SBJ College: Basketball Chaos
SBJ College will take the day off on Thanksgiving and return Dec. 1. Hope everyone enjoys Turkey Day and stays safe this week.
Here’s what is cooking on campus.
College Basketball Enters Season Against Headwinds
Stephen F. Austin left its Texas home yesterday thinking that they would be opening the season tomorrow against Rhode Island at the Mohegan Sun in Uncasville, Conn. By the end of the day, the schedule had changed and they were going to be matched up with San Francisco. Army had been added, giving the Lumberjacks three solid games to start the season. By this morning, everything had changed and SFA was making preparations to return to Texas this afternoon because a member of the support staff had tested positive for COVID.
Welcome to the 2020-21 college basketball season, otherwise known as chaos. More than 20 games scheduled to open the season tomorrow were postponed or canceled, and those were just the ones we knew of this afternoon. There certainly are going to be more. Teams were learning within 24 hours of their game that their opponent had changed at events being played around the country because of COVID infections.
Stephen F. Austin, the giant killer that won at Duke last season, was still working on a plan to get a flight home as of this afternoon. The trip to Connecticut cost them thousands of dollars -- they had not begun to add everything up yet -- and they were going home with the same record they had when they arrived at the Mohegan Sun.
Reaction from across college basketball was damning, even as event promoters frantically tried to arrange and rearrange schedules. “It’s going to be a nightmare,” Iona coach Rick Pitino told Yahoo Sports. “They’re just trying to rush it to get to March, and it’s not worth risking everyone’s health.” Yahoo Sports' Pete Thamel wrote, "College basketball is crumbling in front of us because of greed, competing agendas and a lack of leadership."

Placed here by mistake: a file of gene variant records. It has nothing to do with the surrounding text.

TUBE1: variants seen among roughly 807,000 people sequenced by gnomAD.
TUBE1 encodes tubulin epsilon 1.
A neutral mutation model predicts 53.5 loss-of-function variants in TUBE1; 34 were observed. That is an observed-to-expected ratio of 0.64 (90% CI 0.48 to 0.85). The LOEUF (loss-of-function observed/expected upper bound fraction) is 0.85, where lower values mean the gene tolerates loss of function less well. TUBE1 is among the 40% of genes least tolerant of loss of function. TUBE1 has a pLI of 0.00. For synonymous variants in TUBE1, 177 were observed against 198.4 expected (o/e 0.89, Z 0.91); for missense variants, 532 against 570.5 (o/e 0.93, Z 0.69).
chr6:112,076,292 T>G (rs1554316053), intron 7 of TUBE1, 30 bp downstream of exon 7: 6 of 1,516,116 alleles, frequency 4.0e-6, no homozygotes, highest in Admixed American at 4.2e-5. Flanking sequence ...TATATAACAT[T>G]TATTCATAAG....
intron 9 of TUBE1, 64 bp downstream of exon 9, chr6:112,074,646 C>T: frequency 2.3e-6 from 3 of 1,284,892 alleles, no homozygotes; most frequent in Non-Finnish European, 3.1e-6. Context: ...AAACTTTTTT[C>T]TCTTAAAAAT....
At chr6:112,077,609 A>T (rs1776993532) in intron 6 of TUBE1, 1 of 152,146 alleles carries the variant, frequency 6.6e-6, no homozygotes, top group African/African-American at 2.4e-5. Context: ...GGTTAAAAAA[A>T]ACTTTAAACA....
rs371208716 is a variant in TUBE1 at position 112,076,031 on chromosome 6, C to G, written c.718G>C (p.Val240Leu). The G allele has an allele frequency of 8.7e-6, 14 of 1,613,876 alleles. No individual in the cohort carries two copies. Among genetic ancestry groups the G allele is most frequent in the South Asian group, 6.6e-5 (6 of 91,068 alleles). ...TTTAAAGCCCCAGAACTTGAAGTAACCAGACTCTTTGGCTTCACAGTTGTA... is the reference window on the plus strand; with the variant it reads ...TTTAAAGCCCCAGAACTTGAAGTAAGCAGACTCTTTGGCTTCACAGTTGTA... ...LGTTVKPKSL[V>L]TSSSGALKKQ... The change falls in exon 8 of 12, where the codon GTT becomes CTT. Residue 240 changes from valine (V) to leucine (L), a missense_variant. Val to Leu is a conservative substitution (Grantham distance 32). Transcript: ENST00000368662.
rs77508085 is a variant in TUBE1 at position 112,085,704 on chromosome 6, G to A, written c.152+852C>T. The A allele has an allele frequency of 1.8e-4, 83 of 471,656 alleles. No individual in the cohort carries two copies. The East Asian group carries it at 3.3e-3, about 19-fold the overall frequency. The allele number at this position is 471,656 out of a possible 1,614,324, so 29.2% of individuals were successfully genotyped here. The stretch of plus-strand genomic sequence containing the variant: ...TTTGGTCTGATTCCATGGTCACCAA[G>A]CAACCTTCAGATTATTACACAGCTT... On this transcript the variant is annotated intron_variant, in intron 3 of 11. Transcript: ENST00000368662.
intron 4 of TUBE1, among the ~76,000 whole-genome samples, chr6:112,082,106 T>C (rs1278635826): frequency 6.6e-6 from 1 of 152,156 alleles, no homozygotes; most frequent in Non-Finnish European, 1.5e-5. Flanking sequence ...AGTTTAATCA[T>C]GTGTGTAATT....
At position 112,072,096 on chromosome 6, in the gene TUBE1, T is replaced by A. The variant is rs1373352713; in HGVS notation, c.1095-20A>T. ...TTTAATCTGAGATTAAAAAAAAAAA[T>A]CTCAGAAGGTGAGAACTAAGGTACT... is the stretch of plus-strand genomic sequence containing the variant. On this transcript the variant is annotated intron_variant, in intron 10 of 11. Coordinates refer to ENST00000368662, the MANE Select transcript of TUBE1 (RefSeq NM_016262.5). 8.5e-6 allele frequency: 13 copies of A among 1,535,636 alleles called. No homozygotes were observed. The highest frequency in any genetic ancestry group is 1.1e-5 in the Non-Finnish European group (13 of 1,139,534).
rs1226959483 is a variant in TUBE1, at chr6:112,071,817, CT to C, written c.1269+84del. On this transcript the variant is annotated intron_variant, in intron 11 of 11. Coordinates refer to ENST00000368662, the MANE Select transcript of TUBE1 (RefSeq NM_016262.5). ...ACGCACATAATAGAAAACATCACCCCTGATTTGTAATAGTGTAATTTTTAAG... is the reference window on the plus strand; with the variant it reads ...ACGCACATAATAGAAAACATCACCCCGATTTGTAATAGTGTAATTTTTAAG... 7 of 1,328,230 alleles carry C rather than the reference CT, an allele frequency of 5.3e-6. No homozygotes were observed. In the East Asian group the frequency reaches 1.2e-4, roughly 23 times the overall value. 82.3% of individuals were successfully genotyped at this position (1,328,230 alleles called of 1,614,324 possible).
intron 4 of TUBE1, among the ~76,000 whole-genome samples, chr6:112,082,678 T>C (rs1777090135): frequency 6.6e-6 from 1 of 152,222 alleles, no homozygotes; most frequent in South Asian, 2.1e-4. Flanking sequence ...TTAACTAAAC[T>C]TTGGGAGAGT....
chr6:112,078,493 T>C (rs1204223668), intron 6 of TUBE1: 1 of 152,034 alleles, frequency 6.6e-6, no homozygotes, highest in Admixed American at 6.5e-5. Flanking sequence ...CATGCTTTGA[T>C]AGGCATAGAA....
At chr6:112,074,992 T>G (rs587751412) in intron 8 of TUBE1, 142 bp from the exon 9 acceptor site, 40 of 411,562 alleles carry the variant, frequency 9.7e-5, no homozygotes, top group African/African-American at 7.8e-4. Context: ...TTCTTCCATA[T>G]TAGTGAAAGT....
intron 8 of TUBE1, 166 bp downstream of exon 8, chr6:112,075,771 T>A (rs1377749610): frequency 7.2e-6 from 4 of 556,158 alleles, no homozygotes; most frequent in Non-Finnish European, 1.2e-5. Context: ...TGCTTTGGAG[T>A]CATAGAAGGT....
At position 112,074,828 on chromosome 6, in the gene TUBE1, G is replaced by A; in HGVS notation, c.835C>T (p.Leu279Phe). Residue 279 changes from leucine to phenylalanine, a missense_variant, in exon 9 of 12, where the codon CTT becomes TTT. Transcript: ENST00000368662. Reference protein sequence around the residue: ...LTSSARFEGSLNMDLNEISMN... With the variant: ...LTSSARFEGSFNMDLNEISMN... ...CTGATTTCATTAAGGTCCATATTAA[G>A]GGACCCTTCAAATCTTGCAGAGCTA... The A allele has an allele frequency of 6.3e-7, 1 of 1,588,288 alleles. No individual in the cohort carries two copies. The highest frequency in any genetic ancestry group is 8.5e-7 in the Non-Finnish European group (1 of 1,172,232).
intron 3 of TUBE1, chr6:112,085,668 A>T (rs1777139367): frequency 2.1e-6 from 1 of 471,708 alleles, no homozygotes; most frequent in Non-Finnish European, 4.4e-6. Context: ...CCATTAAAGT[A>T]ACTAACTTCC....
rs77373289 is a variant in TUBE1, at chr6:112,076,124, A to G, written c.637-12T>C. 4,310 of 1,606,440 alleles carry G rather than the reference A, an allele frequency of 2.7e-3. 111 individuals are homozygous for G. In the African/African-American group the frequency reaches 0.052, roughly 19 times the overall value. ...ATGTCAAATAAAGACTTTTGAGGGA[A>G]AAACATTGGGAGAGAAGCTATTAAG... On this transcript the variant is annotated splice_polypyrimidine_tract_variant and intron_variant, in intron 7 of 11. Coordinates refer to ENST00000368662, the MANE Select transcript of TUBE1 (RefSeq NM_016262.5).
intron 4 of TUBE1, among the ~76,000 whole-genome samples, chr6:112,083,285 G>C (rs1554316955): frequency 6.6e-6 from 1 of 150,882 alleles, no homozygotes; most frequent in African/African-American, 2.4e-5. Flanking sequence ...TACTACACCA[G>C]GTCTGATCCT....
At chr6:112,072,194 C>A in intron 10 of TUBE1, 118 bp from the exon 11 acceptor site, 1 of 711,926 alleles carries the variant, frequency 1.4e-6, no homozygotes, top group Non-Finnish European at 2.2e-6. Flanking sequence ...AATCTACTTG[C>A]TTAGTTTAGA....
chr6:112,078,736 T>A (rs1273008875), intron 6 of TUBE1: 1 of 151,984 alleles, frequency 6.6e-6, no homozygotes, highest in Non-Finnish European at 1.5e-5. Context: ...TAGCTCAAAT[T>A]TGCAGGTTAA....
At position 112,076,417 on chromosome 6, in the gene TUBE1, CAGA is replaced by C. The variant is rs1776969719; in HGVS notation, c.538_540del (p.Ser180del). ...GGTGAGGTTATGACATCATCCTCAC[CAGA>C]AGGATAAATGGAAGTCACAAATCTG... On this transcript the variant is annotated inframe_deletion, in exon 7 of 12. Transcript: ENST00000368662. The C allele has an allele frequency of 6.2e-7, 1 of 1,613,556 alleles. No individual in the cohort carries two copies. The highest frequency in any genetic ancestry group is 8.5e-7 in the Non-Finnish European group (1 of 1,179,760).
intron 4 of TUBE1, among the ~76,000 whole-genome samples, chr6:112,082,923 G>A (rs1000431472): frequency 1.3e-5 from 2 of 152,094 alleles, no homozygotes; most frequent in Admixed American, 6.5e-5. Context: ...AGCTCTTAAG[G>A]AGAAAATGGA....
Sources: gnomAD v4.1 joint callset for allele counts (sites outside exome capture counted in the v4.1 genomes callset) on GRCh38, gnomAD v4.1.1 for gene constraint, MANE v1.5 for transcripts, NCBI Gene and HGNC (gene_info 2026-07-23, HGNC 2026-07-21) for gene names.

Bottom line: No one knows what to expect over the next few days.
Playfly Sports Brings On Gene DeFilippo
Playfly Sports continues to build its connections and expertise in the college space by bringing on Gene DeFilippo, a former AD at Boston College and most recently a search firm executive at Turnkey. DeFilippo will retain his role at Turnkey, where he is assisting the ACC with its search for a commissioner, while adding new responsibilities at Playfly.
DeFilippo will serve as an executive market strategist at Playfly, where he’ll work closely with company president David Johnston and Senior VP Bill Cartwright on a growth strategy in collegiate multimedia rights. Playfly, through its acquisition of Outfront Media Sports, owns the multimedia rights to 11 schools. Playfly CEO Mike Schreiber said DeFilippo’s wealth of contacts and experience will provide the company a boost in its attempts to add more school rights.
A Bowl Season Like No Other
The bowl season is less than a month away and 36 games remain committed to hosting their event. But as Bowl Season Executive Director Nick Carparelli told me today, it’s not going to be a normal postseason. “We’re prepared to be as flexible as possible as we get into bowl season,” Carparelli said. “In a season when most teams have practiced less and played fewer games, they’re excited about the chance to play one more.”